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A Tribute To Dick Dixon By Doug Stokes
By John Kilroy on November 18, 2012

The racing industry lost one of its nicest guys the other night in Dick Dixon. He was an ever-smiling bastion of positive energy and enthusiasm. We had many conversations at many industry events over the years, and we’ll sure miss him at the next big event: the PRI Trade Show.

Southern California media relations expert Doug Stokes, of Stokes Communication, penned a moving tribute to Dick, and we would like to share it here:

My dear friend Dick Dixon left us in his sleep last night, he was a friend to many in this business, this is what I've come up with about him so far...
 
Here was a guy who just plain never tired of being a totally dedicated/all-in car person. As long as I'd known him I've always thought to myself that the word 'indefatigable' must have been coined for him. It was always quite clear that Dick's whole life was built around that love of machines and the thing that he loved (and did) best: sharing that love, that excitement, in so many ways with so many people.Dick Dixon
 
His last foray into his automotive world was a major trip to the tap root, the mother lode, the center of his universe: The annual SEMA Show in Las Vegas. I met him there early on Tuesday morning; he was holding court in the restaurant area just off the main concourse.
 
Not bragging, but simply for my information, Dick reeled off an all-star list of the industry people who he had already seen and conversed with and then talked about how crowded his dance card already was for the rest of show week. That was his element, the more friends, colleagues, cronies, contemporaries, students that he met there, the stronger he got.
 
He told me that he would be starting a new therapy when he got back home the next week and was anticipating feeling a whole bunch better very soon.
 
We made plans to meet at his favorite Starbucks on Foothill near his La Verne home "next week" and then (as usual) we talked about my plans, and what was going on in my life, neatly skipping over his. That was just Dick, he was, as all of us are, vitally interested in his own life, but his friends and colleagues always came first.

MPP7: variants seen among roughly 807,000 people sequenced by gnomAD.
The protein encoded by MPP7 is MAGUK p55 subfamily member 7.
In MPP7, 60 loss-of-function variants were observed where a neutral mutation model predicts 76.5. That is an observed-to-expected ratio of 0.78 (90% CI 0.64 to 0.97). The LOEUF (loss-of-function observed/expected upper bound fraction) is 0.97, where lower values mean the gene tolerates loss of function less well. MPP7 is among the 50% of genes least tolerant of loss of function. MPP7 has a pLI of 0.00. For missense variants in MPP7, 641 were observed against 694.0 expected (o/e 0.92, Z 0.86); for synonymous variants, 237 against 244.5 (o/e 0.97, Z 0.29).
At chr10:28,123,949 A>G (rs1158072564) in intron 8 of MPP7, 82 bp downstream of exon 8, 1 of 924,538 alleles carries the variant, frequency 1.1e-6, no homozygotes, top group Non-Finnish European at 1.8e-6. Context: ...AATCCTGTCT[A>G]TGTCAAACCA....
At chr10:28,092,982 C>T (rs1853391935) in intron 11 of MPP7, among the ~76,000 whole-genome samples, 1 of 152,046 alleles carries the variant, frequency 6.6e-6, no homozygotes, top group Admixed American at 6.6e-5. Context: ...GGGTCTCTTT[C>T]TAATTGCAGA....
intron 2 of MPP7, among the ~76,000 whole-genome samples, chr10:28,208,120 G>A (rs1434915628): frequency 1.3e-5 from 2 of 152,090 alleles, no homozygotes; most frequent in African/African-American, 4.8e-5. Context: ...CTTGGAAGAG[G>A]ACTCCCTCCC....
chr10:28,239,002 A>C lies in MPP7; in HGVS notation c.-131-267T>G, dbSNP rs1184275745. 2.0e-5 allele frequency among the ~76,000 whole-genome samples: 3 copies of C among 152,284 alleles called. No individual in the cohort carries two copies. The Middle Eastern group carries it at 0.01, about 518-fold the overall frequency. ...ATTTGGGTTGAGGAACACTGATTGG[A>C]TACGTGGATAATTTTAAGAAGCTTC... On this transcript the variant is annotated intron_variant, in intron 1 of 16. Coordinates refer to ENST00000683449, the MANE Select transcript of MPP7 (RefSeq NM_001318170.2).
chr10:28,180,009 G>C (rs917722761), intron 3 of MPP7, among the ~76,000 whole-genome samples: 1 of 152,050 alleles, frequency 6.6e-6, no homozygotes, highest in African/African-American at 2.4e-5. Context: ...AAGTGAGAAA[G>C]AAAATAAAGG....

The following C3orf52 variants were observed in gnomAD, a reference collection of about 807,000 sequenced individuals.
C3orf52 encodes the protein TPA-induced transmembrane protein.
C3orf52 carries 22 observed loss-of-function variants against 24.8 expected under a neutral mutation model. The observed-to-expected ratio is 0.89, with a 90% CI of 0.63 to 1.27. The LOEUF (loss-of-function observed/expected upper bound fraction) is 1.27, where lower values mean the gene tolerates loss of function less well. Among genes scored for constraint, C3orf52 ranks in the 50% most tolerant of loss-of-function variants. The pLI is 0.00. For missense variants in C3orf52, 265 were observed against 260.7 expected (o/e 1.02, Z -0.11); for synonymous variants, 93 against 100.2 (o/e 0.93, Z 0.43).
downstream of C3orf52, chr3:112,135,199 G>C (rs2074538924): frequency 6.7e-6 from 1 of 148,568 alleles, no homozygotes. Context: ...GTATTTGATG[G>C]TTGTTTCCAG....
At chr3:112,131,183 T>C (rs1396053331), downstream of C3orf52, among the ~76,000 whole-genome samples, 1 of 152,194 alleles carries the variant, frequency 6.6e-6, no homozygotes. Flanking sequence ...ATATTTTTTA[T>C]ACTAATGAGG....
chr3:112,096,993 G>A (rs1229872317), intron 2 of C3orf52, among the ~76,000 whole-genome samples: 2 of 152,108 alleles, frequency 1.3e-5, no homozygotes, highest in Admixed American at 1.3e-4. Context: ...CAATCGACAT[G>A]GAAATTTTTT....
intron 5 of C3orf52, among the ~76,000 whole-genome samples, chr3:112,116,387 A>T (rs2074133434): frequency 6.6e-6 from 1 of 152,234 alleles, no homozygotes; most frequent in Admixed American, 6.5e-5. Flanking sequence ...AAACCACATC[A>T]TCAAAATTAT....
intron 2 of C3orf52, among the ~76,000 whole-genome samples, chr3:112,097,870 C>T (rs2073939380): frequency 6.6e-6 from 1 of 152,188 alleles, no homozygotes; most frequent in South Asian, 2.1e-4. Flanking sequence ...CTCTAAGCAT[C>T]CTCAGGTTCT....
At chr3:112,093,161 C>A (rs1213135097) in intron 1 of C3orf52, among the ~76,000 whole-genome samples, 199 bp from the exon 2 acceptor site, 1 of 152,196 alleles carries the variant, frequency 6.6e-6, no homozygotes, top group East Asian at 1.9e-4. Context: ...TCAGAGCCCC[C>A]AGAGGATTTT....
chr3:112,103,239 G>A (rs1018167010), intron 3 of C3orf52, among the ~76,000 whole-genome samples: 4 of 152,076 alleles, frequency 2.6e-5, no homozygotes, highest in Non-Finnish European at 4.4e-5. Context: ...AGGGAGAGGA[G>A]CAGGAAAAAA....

I know now that he really had to pull himself up just to have the strength to make it to Las Vegas ... He just about didn't come, but his wife Judi and a good friend, and fellow professor, Pat McInturff, got him there. There, he felt little pain, he was the regular Dick Dixon who knew everyone on the floor, and who just plain, flat-out, loved being there.
 
No one who greeted or met with him during that week knew that it was destined to be his last great adventure among his friends and colleagues. He was getting better, feeling fine ... That's what everyone heard from him.
 
Yeah, he looked a little tired, a little gaunt honestly, but he was Dick Dixon for heaven's sake. He burned brightly, bravely and quickly blew off any sort of concerns put forth about his own health. "Hey ... a bump in the road ... Now let's talk about you..." (or a specific project, or school, or the next race he was going to, or Hawaii, or the Indy 500 at the end of May where he'll be sorely missed next May).
 
His work was always about other people, educating them, mentoring them, seeing them do well and get ahead. Dick Dixon thrived on the successes of others. His pride was all about others that he was able to help succeed. Fairly late in his life he came upon his true calling, education. As above, he had always been open and quick with counsel if anyone asked. But becoming a professor, recognized in the education system, able to crystallize his talent and offer his knowledge and expertise to willing, interested students ... that was special, that was something he never took for granted, but something that this guy felt so very comfortable doing.
 
Of course Dick had a teen-ager's crush on his wife Judi, you could see it in the way he lit up whenever she came into the picture ... I saw just a few weeks ago in Las Vegas; I know that Judi sees it every time she closes her eyes.
 
They say that close friends often feel something that almost feels like anger when one of them dies; there's none of that here. I already miss the hell out of this guy, but he paid his dues, he made far more friends than enemies, and he checked out under his own rules. I sure can't get mad at him for that

Doug Stokes -
November 16, 2012

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John Kilroy is the Publisher of Performance Racing Industry magazine.
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